The design of governance structures is one of the key challenges that a new scheme will confront. This includes what new corporate bodies, if any, should be created, how they are to be structured (for-profit, not-for-profit, charity, co-op, benefit corporation, etc.), and how and by whom are they are to be governed.
Creating governance structures can be a challenge for a number of reasons, first it includes balancing a number of issues such as how to avoiding conflicts of interest, delivering quality services at a fair cost and maintaining stakeholder interest and support. Also, in most cases the folks that have been working to create a new scheme are experts in the topic addressed (i.e. agriculture, human rights, etc.) and are not usually well versed in how to set up of an international business operation. To make things worse, the learning curve can be steep and the pressure can be intense to make a decision quickly.
The first and over-riding concern is to make sure that the new operation is not hampered by built in conflicts of interests. This means that the part of the operation that is required to take independent decisions based on objective information is not the same part that is responsible for making the money. Whatever decisions are taken the priority should be on making sure that the organization is not seen to be taking decisions just to make more money or to gain market share. For this reason, often the body that owns the scheme is separate from the body that manages the money making side of the business, even if the money is made through grants from governments or foundations.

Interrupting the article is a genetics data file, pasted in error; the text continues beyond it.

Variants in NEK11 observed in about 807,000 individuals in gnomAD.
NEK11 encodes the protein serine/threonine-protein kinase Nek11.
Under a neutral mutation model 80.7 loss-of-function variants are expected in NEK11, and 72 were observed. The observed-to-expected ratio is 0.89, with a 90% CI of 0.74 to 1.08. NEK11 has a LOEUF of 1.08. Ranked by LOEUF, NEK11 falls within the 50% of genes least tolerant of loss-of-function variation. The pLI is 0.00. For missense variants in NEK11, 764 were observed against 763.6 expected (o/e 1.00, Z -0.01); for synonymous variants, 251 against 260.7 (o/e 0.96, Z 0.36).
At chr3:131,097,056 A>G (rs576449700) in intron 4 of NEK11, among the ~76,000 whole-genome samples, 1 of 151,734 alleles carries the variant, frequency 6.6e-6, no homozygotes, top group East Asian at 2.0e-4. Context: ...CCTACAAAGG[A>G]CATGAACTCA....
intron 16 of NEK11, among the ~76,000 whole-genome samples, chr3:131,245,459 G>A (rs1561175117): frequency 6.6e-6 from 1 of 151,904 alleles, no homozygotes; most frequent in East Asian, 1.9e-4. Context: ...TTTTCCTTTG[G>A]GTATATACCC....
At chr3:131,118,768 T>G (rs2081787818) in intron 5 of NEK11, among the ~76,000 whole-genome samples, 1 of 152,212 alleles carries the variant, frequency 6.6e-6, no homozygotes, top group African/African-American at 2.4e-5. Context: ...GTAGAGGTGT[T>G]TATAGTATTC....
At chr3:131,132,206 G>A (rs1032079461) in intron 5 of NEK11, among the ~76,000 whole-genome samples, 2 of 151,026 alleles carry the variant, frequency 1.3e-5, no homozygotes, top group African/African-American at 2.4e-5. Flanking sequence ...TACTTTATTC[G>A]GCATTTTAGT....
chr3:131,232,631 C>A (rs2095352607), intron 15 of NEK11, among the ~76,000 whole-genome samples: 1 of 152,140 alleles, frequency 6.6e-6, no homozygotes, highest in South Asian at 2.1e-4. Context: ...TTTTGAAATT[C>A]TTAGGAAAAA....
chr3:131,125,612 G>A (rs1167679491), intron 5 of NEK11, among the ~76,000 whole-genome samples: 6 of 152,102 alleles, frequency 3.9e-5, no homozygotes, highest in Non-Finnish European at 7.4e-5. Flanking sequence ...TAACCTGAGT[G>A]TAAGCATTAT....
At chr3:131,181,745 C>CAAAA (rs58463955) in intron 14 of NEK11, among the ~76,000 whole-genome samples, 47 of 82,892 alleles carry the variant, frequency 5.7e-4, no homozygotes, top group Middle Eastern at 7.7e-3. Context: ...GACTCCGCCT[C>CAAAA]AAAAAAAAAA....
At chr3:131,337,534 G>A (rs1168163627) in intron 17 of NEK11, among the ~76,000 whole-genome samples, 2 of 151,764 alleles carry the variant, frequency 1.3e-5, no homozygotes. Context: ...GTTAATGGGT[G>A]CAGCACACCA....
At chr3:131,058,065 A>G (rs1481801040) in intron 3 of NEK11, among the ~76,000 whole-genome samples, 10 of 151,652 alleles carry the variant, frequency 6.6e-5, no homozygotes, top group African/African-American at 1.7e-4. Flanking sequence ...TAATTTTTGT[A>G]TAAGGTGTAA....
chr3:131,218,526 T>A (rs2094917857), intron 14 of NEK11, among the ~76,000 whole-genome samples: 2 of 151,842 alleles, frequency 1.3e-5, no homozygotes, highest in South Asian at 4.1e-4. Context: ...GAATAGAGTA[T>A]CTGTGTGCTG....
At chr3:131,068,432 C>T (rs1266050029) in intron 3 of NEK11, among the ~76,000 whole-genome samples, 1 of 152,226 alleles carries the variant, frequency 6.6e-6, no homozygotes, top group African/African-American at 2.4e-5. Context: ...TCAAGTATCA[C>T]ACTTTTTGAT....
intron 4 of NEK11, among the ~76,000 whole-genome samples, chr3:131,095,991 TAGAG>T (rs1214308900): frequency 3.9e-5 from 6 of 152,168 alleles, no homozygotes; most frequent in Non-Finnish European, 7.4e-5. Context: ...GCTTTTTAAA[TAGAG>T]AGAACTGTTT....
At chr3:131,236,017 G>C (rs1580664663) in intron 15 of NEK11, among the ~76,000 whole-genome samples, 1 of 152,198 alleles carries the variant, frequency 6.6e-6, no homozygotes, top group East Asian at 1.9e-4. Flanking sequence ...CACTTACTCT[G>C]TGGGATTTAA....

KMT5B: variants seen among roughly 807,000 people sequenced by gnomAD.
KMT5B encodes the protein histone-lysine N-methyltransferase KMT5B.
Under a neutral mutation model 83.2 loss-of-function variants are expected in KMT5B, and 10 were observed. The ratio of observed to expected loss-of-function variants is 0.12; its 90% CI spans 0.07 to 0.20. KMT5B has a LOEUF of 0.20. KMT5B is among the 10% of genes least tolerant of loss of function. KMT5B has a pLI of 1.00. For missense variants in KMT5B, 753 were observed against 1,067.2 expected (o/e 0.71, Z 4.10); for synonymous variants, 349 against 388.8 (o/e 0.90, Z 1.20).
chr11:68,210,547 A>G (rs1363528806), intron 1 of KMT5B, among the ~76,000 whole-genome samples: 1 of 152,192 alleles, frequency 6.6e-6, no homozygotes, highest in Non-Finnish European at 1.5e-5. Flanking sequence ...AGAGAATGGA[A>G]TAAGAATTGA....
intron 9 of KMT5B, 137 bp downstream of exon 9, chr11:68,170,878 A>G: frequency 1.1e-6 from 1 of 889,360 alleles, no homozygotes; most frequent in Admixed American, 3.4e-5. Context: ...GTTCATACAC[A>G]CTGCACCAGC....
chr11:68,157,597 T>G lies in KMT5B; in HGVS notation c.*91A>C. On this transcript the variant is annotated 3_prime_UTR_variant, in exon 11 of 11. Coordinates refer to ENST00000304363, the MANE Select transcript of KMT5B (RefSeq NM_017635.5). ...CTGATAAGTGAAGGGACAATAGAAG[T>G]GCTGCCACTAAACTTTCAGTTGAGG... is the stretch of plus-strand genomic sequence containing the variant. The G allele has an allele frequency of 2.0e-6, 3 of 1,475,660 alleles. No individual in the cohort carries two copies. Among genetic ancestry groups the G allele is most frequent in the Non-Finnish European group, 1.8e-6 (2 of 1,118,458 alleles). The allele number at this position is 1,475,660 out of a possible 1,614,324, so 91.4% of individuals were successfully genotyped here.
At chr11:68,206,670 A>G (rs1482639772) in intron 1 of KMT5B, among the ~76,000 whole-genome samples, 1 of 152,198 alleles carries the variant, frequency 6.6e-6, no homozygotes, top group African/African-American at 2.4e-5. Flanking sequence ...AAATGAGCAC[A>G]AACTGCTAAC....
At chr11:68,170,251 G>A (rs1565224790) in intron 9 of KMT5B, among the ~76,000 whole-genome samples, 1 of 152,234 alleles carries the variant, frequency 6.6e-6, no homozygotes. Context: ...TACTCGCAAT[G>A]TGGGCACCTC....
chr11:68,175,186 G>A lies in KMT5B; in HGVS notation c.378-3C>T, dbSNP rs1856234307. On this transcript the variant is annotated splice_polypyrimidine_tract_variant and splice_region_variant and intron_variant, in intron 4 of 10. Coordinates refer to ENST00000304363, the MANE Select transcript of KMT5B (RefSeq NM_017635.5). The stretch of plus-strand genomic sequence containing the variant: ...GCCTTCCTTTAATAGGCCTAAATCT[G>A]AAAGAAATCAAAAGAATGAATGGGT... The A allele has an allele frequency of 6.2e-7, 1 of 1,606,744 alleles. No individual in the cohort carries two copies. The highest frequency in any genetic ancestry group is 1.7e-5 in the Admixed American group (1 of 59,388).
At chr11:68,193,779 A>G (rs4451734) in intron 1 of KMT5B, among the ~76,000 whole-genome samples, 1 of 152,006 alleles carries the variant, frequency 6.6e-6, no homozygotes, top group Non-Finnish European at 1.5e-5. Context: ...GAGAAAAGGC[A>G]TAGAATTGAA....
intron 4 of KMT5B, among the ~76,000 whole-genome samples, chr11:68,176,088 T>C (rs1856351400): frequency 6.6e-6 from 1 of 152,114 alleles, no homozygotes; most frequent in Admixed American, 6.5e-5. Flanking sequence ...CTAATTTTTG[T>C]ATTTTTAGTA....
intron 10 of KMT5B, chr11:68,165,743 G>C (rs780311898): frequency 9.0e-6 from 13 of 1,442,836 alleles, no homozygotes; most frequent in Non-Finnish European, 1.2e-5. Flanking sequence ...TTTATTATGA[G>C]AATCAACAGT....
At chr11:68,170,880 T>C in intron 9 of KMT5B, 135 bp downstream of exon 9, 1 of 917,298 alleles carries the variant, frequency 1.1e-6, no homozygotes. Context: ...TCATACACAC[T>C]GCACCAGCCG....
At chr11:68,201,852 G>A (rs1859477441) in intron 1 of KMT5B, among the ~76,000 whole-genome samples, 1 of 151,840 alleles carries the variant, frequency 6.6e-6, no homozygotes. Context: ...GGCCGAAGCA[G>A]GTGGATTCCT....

A second question is whether the new bodies should be for-profit or not-for-profit corporations. Some folks feel that the only choice is that all bodies should be not-for-profits, but that is not always the case. (As a side note we should be clear that not all not-for-profits are charities but all charities must be not-for-profit corporations.) This can become more complicated if more than one new body is created. Some schemes create a not-for-profit that is the scheme owner which itself owns one or more subsidiaries that are for-profits, especially when they are responsible for making the money. Another option is to contract these roles out to existing organizations that provide these services professionally.
Finally, there is the question of who makes the decisions. On this point I will be blunt. I am not in favour of managing an international business with a stakeholder board. Governance is a job that requires experience and normally stakeholders are selected based on their role in a network or group. A professional board for each organization is crucial. To ensure that the mission of the organization remains central for the new organization a small professional board can be supported by stakeholder or technical advisory boards. Some organizations create membership bodies (in the case of not-for-profits) or shareholders (in the case of for-profits) whose responsibility is to ensure that the organization remains focused on its mission.
The process of designing corporate structures for a new scheme can be confusing and involve lawyers, accountants and management consultants. It is best to start thinking early about how to structure the operations, how to govern any corporate bodies, who owns what and how to include stakeholders. A well thought out governance structure can make a launch easier and avoid problems that can be easily avoided with time, information and good advice.